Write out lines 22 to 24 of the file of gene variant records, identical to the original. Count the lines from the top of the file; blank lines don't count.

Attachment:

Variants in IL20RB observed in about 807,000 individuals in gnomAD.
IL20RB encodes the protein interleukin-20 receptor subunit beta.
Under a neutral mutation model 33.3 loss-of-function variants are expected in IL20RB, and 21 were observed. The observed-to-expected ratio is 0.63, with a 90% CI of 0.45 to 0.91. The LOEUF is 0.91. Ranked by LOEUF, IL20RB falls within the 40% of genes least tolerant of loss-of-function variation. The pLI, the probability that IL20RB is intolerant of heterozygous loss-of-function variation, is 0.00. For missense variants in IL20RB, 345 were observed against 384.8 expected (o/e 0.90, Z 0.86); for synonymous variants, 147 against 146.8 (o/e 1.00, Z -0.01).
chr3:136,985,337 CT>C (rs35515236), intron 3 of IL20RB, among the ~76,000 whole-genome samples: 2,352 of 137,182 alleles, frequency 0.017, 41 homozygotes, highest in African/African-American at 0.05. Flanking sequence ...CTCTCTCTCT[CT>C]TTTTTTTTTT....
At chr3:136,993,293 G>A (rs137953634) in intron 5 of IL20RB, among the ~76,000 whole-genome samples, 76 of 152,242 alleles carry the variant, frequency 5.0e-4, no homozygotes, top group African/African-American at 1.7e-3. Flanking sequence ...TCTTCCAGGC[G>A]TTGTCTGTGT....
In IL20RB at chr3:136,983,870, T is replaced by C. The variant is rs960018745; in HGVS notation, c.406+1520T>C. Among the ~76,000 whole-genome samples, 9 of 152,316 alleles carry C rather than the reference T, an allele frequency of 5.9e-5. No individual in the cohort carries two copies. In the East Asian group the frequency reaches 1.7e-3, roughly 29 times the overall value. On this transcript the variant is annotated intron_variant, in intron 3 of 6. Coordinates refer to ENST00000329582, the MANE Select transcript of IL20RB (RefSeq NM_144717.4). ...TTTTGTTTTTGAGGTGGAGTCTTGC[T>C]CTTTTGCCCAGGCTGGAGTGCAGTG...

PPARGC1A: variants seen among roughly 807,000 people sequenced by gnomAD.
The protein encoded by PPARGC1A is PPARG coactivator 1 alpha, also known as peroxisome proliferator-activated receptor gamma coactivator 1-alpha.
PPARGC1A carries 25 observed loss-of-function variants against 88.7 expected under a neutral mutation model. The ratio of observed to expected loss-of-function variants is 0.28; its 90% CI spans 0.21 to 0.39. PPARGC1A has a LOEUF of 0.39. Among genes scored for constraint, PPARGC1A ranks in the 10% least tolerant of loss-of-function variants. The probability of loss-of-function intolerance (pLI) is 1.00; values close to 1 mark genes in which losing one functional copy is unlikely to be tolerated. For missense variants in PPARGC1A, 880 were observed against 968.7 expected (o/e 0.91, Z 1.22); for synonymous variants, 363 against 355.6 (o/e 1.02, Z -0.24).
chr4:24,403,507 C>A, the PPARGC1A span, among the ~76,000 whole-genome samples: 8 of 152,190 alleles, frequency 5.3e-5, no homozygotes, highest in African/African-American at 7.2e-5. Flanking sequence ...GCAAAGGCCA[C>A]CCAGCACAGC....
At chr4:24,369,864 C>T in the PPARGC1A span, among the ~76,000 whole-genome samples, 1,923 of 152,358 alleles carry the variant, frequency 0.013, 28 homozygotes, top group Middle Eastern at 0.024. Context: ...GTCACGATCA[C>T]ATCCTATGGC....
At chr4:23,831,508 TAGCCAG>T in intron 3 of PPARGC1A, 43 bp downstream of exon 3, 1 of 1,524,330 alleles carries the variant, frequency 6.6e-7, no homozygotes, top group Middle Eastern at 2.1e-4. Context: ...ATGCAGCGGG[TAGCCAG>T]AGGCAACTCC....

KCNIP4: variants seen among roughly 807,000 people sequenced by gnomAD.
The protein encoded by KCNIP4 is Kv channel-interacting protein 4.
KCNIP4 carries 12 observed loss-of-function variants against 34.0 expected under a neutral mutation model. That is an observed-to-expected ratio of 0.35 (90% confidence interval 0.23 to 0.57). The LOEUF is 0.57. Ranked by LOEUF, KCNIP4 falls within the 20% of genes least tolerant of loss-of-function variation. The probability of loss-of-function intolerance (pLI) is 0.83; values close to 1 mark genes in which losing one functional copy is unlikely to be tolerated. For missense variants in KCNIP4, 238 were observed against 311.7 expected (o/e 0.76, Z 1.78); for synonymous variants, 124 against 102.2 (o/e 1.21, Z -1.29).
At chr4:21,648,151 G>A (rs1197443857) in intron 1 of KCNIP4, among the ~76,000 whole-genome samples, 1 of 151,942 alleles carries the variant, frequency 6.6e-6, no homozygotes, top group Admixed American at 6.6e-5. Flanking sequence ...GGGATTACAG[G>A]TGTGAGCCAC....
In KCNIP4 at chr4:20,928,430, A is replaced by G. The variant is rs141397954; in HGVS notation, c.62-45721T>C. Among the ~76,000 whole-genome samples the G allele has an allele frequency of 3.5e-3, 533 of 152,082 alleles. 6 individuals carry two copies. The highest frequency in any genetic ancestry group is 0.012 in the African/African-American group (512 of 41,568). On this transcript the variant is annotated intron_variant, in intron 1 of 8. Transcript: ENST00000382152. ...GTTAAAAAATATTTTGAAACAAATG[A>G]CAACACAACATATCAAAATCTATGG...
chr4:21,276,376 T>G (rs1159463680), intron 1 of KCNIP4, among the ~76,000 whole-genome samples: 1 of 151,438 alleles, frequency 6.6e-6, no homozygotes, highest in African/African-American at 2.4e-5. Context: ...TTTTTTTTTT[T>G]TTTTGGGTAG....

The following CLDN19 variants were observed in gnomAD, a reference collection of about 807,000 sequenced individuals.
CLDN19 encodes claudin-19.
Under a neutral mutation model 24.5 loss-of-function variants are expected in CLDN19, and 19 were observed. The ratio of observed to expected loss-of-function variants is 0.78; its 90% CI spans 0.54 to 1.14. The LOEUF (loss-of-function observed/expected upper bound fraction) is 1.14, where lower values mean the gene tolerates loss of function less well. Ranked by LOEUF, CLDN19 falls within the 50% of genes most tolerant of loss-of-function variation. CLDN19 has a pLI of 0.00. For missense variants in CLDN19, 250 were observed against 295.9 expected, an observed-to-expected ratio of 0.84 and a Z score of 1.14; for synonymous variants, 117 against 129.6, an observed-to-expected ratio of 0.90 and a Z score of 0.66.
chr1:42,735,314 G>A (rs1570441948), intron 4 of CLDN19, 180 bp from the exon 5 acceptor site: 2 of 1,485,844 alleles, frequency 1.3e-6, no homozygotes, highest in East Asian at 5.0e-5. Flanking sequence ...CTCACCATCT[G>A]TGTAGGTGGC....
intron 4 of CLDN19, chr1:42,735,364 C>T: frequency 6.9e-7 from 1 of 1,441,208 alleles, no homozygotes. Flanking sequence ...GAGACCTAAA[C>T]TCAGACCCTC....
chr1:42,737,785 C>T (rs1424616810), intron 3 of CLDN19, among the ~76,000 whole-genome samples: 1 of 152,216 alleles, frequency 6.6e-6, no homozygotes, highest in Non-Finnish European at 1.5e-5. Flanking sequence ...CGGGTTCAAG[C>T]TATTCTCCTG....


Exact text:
chr1:42,735,314 G>A (rs1570441948), intron 4 of CLDN19, 180 bp from the exon 5 acceptor site: 2 of 1,485,844 alleles, frequency 1.3e-6, no homozygotes, highest in East Asian at 5.0e-5. Flanking sequence ...CTCACCATCT[G>A]TGTAGGTGGC....
intron 4 of CLDN19, chr1:42,735,364 C>T: frequency 6.9e-7 from 1 of 1,441,208 alleles, no homozygotes. Flanking sequence ...GAGACCTAAA[C>T]TCAGACCCTC....
chr1:42,737,785 C>T (rs1424616810), intron 3 of CLDN19, among the ~76,000 whole-genome samples: 1 of 152,216 alleles, frequency 6.6e-6, no homozygotes, highest in Non-Finnish European at 1.5e-5. Flanking sequence ...CGGGTTCAAG[C>T]TATTCTCCTG....